What I should like to speak of in this essay is another Newman, one who often goes missing in such unreal debates, and that is the Newman who steered clear of the Charybdis and Scylla of liberalism and illiberalism to enter into the genuine simplicity of what he called “the one true Fold of the Redeemer.”
In the sermon he placed last in his 8-volume Parochial and Plain Sermons (1834-43), entitled “Ignorance of Evil” (1836), Newman took pains to remind his readers that there was a profound point to God’s forbidding those in paradise from eating from the Tree of Knowledge. “Our happiness as well as duty lies in not going beyond our measure—in being contented with what we are—with what God makes us,” he wrote. “They who seek after forbidden knowledge, of whatever kind, will find they have lost their place in the scale of beings in so doing, and are cast out of the great circle of God’s family.”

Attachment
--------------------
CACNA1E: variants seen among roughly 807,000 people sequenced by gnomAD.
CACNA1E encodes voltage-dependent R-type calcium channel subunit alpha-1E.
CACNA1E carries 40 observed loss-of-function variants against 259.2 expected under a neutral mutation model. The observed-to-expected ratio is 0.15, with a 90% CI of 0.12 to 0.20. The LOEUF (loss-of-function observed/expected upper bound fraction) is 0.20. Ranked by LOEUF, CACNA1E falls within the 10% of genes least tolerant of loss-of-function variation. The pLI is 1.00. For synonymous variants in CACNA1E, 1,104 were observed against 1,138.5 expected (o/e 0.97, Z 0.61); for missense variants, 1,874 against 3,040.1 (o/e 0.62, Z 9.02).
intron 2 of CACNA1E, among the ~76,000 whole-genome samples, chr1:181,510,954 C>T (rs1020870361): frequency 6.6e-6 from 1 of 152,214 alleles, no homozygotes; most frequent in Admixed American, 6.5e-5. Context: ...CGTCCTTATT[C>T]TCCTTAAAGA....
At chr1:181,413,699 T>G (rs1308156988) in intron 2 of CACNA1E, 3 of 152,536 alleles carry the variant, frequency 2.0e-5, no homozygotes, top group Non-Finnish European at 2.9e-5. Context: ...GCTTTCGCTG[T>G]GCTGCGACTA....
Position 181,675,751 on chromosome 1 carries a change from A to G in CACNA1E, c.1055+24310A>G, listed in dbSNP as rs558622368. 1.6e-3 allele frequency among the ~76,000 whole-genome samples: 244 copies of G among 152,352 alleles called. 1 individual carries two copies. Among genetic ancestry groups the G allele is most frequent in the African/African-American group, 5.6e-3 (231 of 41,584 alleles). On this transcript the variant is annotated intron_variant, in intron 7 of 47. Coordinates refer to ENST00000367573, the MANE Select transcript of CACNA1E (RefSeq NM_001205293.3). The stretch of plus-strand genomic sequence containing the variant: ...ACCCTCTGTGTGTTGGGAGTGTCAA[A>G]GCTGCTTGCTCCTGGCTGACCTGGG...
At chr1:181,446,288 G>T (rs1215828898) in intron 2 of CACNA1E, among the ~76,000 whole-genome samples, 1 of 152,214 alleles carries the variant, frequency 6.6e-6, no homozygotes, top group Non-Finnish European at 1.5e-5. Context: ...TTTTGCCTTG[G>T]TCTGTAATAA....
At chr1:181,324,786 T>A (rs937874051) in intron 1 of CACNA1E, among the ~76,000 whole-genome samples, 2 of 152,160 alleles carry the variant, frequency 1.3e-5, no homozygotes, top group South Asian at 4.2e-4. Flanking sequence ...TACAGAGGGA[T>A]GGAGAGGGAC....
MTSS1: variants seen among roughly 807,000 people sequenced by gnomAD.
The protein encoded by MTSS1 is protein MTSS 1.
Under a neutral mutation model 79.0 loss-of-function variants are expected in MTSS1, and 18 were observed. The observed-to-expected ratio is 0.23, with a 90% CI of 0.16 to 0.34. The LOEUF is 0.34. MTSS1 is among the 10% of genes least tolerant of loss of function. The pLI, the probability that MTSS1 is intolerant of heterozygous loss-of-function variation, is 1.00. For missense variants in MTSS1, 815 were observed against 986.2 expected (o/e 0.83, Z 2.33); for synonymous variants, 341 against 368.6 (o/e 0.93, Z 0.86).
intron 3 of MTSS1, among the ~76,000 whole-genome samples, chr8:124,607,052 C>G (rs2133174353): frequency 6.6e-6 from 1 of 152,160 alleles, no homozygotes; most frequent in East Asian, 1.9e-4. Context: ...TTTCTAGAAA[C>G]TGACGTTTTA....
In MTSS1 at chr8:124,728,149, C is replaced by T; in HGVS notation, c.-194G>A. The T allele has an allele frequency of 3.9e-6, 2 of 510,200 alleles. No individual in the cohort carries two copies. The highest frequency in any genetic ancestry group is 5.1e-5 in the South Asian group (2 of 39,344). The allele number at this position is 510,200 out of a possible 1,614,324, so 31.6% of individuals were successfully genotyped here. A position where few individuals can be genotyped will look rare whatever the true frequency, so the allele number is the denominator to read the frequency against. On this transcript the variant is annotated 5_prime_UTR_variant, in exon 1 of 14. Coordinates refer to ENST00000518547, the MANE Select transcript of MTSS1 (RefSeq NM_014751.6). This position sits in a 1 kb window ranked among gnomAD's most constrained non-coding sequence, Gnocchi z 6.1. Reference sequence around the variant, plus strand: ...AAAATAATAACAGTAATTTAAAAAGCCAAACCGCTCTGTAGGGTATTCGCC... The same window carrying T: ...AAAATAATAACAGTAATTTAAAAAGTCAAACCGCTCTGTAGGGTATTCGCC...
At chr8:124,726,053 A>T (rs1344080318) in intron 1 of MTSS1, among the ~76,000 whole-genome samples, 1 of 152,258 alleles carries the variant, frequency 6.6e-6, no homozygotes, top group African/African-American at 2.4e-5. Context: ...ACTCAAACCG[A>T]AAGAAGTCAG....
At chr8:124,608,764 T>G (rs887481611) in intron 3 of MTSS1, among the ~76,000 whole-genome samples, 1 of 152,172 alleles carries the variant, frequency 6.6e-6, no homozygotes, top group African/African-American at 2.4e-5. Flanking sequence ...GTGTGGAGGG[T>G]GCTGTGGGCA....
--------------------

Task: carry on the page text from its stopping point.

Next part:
In the increasingly barbarous order that has taken shape in the wake of the collapse of Christendom, knowledge, of course, is everywhere adulated, even though it is shown repeatedly to be not only evil but factitious. For Newman, this adulation was an expression of our exile from God’s divine purpose, since it shows “how different is our state from that for which God made us.” However, if in reading that, anyone is inclined to suppose that Newman was speaking in easy generalities, he will be quickly disabused of the notion by Newman himself, who illustrates what he means with a terrible specificity.